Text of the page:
[0023] The insert removal from any narrow cavity entrance of the mold is usually done by chemical, water soluble or mechanical means. Any of those means generally lead to the destruction and waste of the insert. Even if the insert is artfully and very slowly sliced and removed piece by piece, the reuse of such disintegrated insert is very complicated and short-lived. As a result, the next hollow wax model requires an added preparation step of the new insert. Additionally, the process of the insert removal by dissolving in water or other chemical is difficult to control and to manage to completion. Generally, some traces of the insert material are left inside the hollow area leading to deformities and to the increased weight of the product, dramatically affecting the price of any produced final piece, unacceptable in the jewelry production. For mass production of hollow jewelry or very intricate items, the repeated slow removal, discard, and re-creation of inserts is a time-limiting and material-wasting step. When the production targets thousands of hollow identical objects per day, the cost of the slowdown and the material waste could become astonishing.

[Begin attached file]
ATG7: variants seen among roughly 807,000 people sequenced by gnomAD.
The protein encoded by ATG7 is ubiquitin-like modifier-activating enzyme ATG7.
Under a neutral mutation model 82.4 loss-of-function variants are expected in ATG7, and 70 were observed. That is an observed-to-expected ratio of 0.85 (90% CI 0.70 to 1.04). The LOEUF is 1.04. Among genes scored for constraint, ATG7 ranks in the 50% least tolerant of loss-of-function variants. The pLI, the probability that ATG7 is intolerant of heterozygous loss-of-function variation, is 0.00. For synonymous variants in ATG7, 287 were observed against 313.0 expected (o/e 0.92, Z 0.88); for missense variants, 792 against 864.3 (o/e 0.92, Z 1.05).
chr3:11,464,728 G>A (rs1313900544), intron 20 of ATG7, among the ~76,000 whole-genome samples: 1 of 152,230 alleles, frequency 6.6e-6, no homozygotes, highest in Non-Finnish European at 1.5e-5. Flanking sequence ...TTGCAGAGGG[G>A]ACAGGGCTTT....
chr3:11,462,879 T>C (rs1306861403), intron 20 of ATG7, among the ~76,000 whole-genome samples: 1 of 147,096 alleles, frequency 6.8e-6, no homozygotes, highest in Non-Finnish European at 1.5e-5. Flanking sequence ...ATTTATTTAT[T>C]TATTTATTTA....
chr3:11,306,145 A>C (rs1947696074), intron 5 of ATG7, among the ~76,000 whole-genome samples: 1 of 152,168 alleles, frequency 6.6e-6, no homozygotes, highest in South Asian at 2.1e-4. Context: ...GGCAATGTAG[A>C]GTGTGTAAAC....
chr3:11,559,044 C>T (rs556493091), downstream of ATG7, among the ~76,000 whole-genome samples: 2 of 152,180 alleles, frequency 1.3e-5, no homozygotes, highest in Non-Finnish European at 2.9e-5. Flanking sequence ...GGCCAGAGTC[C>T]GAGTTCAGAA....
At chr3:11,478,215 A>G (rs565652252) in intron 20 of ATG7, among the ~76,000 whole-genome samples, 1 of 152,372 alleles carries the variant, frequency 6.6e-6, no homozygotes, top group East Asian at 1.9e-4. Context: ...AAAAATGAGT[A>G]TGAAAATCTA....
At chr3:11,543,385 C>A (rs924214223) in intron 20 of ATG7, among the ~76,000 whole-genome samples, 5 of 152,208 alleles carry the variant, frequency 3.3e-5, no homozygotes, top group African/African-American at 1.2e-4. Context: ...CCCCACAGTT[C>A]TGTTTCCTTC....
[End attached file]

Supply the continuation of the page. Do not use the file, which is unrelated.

[0024] Thus, there is a clearly felt need for a new system and method of the insert molding which will allow for easy placement of the raw material, followed by convenient removal of the insert without impairment, so it could be reused for the creation of another model. Recycling of the insert will lead to improved capacities, significant lowering of the cost, and waste reduction.

[0025] The disclosed invention addresses these and some other issues related to the current state of molding technology.


[0026] Accordingly, the primary objective of the present invention is to provide a new and improved method of molding for lost-wax casting.